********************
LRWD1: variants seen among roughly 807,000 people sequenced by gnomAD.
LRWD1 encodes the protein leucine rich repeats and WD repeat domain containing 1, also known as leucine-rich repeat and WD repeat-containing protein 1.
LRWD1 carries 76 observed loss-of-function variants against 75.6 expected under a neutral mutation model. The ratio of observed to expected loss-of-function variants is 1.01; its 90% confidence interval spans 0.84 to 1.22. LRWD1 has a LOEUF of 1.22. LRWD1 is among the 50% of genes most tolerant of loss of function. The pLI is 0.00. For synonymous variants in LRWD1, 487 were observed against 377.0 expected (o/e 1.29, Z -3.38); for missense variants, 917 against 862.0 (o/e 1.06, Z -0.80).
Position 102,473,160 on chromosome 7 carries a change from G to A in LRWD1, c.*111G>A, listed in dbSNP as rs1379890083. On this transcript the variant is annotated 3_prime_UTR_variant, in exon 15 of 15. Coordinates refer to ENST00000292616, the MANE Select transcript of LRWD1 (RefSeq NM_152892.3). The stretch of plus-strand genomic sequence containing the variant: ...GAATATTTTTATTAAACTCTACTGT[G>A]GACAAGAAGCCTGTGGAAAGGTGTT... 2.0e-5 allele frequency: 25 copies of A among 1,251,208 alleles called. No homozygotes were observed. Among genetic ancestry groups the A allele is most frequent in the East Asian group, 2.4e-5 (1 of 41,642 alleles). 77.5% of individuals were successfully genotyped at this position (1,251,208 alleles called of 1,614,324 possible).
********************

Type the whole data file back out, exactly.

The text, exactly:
LRWD1: variants seen among roughly 807,000 people sequenced by gnomAD.
LRWD1 encodes the protein leucine rich repeats and WD repeat domain containing 1, also known as leucine-rich repeat and WD repeat-containing protein 1.
LRWD1 carries 76 observed loss-of-function variants against 75.6 expected under a neutral mutation model. The ratio of observed to expected loss-of-function variants is 1.01; its 90% confidence interval spans 0.84 to 1.22. LRWD1 has a LOEUF of 1.22. LRWD1 is among the 50% of genes most tolerant of loss of function. The pLI is 0.00. For synonymous variants in LRWD1, 487 were observed against 377.0 expected (o/e 1.29, Z -3.38); for missense variants, 917 against 862.0 (o/e 1.06, Z -0.80).
Position 102,473,160 on chromosome 7 carries a change from G to A in LRWD1, c.*111G>A, listed in dbSNP as rs1379890083. On this transcript the variant is annotated 3_prime_UTR_variant, in exon 15 of 15. Coordinates refer to ENST00000292616, the MANE Select transcript of LRWD1 (RefSeq NM_152892.3). The stretch of plus-strand genomic sequence containing the variant: ...GAATATTTTTATTAAACTCTACTGT[G>A]GACAAGAAGCCTGTGGAAAGGTGTT... 2.0e-5 allele frequency: 25 copies of A among 1,251,208 alleles called. No homozygotes were observed. Among genetic ancestry groups the A allele is most frequent in the East Asian group, 2.4e-5 (1 of 41,642 alleles). 77.5% of individuals were successfully genotyped at this position (1,251,208 alleles called of 1,614,324 possible).